Adi Shankar on Hollywood Sexism vs. The Female Expendables

Dredd Olivia Thirlby Female Expendables

CraveOnline: One of things you wanted to put together that I thought was really cool, and I know it isn’t together yet, is the all-star female action movie.

Adi Shankar: Oh my gosh, yeah!

That’s so overdue. Where are we at with that? It’s been a while since we had an update.

Literally can’t get that off the ground.


“It’s sexism. Literally sexism. There’s still this belief that women cannot open movies.”


Why not?

We literally can’t get that off the ground because… it’s sexism. Literally sexism. There’s still this belief that women cannot open movies. And the thing is, what will happen is, a movie starring a woman will do very well, then it will be like, “Oh, it’s because of that one person.” 

Right. It’s always the exception to the rule.

It’s that one person.

So what can we do? Can you get that one person? I’ve heard that argument for Lucy, for example: “People just like Scarlett Johansson.” 


Can you push and try to get Scarlett Johansson, or are we just waiting for a massive paradigm shift in order to get something like this off the ground?

Massive paradigm shift. Massive paradigm shift. You know, I could pare the script down, bring the budget like way down, but just a massive paradigm shift. I think that’s what we’re looking at.

Are you committed to keep trying or are you reaching the point now where you think it might be best to move on?

I think I might just have to just reverse engineer that concept into something else, right?

How do you mean?

Well like, this is just an example. I’m getting [into] Dredd because we’ve talked about that to death, but the point is, you look at a movie like Dredd. On the poster you’ve got Judge Dredd on the poster with his gun. [But] the movie is about the women.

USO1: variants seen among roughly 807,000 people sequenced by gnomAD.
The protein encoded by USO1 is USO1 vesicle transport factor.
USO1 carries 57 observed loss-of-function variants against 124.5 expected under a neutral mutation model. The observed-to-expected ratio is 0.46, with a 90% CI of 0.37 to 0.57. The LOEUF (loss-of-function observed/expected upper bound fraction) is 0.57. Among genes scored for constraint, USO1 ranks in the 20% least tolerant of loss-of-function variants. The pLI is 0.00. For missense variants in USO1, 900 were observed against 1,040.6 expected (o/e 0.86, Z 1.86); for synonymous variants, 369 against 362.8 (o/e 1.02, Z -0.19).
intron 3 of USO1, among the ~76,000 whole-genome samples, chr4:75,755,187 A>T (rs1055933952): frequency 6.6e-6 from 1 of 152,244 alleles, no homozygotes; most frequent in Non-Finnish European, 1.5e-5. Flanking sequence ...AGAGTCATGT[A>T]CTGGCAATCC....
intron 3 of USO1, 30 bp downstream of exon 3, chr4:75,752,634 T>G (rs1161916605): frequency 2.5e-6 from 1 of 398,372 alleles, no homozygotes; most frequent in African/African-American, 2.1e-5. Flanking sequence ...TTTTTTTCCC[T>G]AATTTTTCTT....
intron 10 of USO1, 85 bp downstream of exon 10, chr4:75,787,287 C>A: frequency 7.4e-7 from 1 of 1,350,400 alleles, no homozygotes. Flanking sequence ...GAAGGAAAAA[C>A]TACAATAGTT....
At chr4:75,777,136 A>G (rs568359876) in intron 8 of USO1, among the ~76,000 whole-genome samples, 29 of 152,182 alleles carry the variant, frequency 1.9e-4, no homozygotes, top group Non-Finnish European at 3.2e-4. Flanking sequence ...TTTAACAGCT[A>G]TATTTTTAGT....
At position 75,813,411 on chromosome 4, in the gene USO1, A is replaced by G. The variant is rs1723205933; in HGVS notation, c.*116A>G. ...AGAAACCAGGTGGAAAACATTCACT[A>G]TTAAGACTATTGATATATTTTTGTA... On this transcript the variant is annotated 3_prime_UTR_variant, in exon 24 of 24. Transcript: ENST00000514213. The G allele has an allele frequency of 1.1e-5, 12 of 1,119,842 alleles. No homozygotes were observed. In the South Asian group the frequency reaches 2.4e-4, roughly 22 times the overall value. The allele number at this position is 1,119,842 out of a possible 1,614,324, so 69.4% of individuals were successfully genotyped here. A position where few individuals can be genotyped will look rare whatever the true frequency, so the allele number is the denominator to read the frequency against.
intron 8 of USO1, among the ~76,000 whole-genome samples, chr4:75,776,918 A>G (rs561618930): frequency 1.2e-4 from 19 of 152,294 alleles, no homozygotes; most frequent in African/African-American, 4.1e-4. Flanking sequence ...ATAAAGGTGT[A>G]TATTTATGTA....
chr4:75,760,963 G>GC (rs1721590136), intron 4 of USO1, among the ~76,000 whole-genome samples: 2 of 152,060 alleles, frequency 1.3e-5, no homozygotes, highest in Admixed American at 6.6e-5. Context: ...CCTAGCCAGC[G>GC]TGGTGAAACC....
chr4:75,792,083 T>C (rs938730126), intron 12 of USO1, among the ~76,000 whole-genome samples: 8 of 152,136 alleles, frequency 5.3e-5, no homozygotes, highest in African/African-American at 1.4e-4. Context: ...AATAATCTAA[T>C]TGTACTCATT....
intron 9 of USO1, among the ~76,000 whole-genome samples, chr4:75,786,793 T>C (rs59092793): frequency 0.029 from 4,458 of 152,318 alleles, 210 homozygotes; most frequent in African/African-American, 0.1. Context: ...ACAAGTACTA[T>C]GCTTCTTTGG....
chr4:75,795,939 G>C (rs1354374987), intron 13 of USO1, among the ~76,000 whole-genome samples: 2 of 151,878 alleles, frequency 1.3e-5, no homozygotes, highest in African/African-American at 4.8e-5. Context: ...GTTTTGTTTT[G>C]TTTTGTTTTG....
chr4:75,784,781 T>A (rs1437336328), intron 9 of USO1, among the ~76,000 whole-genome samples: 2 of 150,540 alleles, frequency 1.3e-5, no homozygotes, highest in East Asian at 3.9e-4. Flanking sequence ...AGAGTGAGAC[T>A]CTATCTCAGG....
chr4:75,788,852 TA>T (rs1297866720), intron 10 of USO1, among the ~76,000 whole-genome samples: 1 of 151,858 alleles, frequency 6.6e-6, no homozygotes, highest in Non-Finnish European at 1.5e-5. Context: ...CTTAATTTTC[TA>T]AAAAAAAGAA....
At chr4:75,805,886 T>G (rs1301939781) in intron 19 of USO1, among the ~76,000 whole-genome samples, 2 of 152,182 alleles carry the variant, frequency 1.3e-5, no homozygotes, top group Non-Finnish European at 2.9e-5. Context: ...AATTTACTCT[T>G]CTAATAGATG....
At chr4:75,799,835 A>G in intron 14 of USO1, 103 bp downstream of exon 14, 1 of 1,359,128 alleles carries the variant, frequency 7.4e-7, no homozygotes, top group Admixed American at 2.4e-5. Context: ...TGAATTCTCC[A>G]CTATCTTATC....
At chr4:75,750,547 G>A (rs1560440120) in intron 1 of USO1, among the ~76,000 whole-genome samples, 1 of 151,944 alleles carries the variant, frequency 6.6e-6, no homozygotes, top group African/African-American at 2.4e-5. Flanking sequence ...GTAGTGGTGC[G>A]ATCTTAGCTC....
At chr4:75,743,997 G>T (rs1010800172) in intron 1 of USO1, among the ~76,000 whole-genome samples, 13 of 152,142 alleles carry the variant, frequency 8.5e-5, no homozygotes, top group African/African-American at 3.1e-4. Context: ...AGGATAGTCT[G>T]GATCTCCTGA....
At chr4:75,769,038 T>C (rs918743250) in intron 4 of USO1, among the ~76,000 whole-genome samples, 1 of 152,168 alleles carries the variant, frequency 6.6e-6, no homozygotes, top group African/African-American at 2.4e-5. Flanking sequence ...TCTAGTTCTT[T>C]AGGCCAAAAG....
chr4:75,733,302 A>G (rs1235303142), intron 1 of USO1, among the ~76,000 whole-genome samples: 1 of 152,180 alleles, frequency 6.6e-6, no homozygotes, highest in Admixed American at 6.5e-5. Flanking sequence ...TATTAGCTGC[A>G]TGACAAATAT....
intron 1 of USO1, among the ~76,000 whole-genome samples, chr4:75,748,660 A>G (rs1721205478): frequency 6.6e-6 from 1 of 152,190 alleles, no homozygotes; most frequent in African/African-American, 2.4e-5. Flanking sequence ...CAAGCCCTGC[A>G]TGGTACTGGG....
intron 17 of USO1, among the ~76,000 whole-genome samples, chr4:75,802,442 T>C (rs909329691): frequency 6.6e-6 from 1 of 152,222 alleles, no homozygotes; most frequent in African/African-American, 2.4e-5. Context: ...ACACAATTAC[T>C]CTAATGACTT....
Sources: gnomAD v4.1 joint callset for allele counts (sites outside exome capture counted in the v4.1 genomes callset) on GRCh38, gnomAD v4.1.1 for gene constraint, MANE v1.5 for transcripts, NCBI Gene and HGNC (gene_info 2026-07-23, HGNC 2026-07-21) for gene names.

It is, yeah. He’s more of a device in a lot of ways.

The set-up is Training Day. Who is the lead of Training Day, right? It’s Ethan Hawke’s movie.

Thank you. I feel like people don’t understand that.

Yeah. Denzel [Washington] steals the show. It’s Ethan Hawke’s movie. 

Exactly. So you think it might reach a point where in order to make a film about badass women, there needs to be a male at the center as a selling point, and then you can marginalize him in the plot?


It’s cynical that that’s the way we’d have to do it, but if that’s the way we’d have to do it, so be it, right?

Yeah. Everything in this world is a series of loopholes, right? It’s just a bunch of people saying “No, no, no, no, no, no, no” until someone finds a way to do it, and then they’re like, “Oh wow!” And then that becomes the new paradigm. “Electronics look ugly. They have to look ugly!” No. “Oh wow, now all the electronics development is looking cool!”


William Bibbiani is the editor of CraveOnline’s Film Channel and the host of The B-Movies Podcast and The Blue Movies Podcast. Follow him on Twitter at @WilliamBibbiani.